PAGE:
Skip to main content

UCLA vs. Cincinnati Prediction and Preview

UCLA vs. Cincinnati Predictions

UCLA vs. Cincinnati Predictions

Luke Fickell and the Cincinnati Bearcats are proof of how profoundly a program can turn around in a new regime's second season. Their 2019 Week 1 opponent, UCLA, hopes to follow a similar blueprint as it opens its second season under coach Chip Kelly.

Fickell inherited a Cincinnati program that underwhelmed during Tommy Tuberville's tenure as head coach. One year prior to the former Ohio State defensive coordinator's arrival, Cincinnati finished tied for last place in the American Athletic Conference East division. Heading into Year 3, after a breakout 11-win season, the Bearcats look like a real threat to UCF's prominence atop the league.

Kelly came to UCLA under somewhat different circumstances, but the former Oregon and NFL head coach began his tenure last season completely rebuilding the program's foundation. By season's end, his choices began to bear fruit. UCLA won three games in conference, and the Bruins head into 2019 with lofty potential despite a historically bad start to 2018. UCLA must navigate a brutal schedule once again in 2019, though, and that begins with a rematch of last year's opener vs. Cincinnati.

UCLA Bruins at Cincinnati Bearcats

Kickoff: Thursday, Aug. 29 at 7 p.m. ET


Spread: Cincinnati -2.5

When UCLA Has the Ball

Last season's season-opening trip to the Rose Bowl set the tone for Cincinnati's outstanding 2018 in myriad ways. Perhaps the most tangible: The Bearcats defense held UCLA to just 17 points, right in line with the season-long yield of 17.2 per game that ranked Cincinnati No. 8 in the country.

UCLA went without a point for the game's final 27:49, following a Kazmeir Allen touchdown run of 74 yards — but it wasn't the last time points went on the board with the Bruins offense on the field. Cincinnati ultimately took the lead by forcing a safety in the early fourth quarter. Seven Bearcats starters return from that salty side, including second-team All-AAC selection James Wiggins at safety (who suffered a knee injury during practice on Monday and his status for Thursday's game is unknown) and talented linebacker Bryan Wright. Wright gave UCLA fits, recording three tackles for a loss, two sacks, a quarterback hurry and a forced fumble in the September 2018 win.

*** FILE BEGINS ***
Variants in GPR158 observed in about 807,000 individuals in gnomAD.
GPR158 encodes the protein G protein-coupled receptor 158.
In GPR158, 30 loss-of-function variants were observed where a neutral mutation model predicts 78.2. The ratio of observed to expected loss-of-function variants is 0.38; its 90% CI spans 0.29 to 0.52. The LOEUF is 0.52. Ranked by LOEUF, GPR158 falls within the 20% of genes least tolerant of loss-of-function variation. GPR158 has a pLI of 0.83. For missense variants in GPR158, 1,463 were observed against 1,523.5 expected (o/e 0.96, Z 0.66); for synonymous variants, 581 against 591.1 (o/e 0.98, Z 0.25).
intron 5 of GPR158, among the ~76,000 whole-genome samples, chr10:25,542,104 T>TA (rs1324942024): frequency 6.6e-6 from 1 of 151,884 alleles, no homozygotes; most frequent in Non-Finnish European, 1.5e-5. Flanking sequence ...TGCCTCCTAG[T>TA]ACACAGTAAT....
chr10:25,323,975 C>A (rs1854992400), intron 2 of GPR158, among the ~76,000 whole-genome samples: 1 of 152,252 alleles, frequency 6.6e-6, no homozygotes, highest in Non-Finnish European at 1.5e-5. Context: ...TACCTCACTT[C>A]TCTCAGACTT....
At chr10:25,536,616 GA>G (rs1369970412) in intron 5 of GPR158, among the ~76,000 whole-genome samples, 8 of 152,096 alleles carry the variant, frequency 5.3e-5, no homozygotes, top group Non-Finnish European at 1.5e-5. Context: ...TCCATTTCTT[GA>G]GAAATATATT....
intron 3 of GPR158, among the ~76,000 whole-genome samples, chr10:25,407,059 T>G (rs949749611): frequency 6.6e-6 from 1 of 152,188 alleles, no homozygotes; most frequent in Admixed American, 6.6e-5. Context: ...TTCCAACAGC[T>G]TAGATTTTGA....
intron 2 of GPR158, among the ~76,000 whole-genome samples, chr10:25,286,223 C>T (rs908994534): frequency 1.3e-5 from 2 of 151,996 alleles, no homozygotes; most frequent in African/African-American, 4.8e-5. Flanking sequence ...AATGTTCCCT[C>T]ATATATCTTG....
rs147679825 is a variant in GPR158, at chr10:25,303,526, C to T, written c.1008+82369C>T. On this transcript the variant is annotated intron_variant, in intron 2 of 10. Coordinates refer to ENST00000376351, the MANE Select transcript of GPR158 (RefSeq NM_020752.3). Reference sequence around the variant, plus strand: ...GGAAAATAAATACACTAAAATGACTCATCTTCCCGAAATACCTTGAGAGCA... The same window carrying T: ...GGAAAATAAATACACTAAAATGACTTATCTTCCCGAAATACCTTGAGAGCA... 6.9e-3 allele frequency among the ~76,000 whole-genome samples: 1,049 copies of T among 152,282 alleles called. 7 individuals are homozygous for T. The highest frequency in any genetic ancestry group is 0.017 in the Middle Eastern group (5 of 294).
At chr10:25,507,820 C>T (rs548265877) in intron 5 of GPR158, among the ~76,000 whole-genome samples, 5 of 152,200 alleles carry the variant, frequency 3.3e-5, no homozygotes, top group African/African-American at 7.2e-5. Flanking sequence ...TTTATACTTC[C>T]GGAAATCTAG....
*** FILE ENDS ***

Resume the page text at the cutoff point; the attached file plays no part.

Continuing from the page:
A key difference for UCLA compared to the opener a season ago is the emergence of running back Joshua Kelley. Kelley got the start in Week 1 a year ago but was quickly pulled and did not resurface as the Bruins' workhorse until Pac-12 competition got rolling. The UC Davis transfer was one of the best backs in college football by season's end, racking up 1,243 yards and 12 touchdowns essentially over nine games.

Rising sophomore quarterback Dorian Thompson-Robinson was thrown into the mix against Cincinnati last year after Michigan transfer Wilton Speight reaggravated an injury. Thompson-Robinson started much of the first half of the season, but a shoulder injury in October brought Speight back behind center. UCLA's offensive production perked up with Speight starting in November, as the Bruins scored 28 points at Arizona State, 34 in a win over rival USC and 42 in a shootout with Stanford.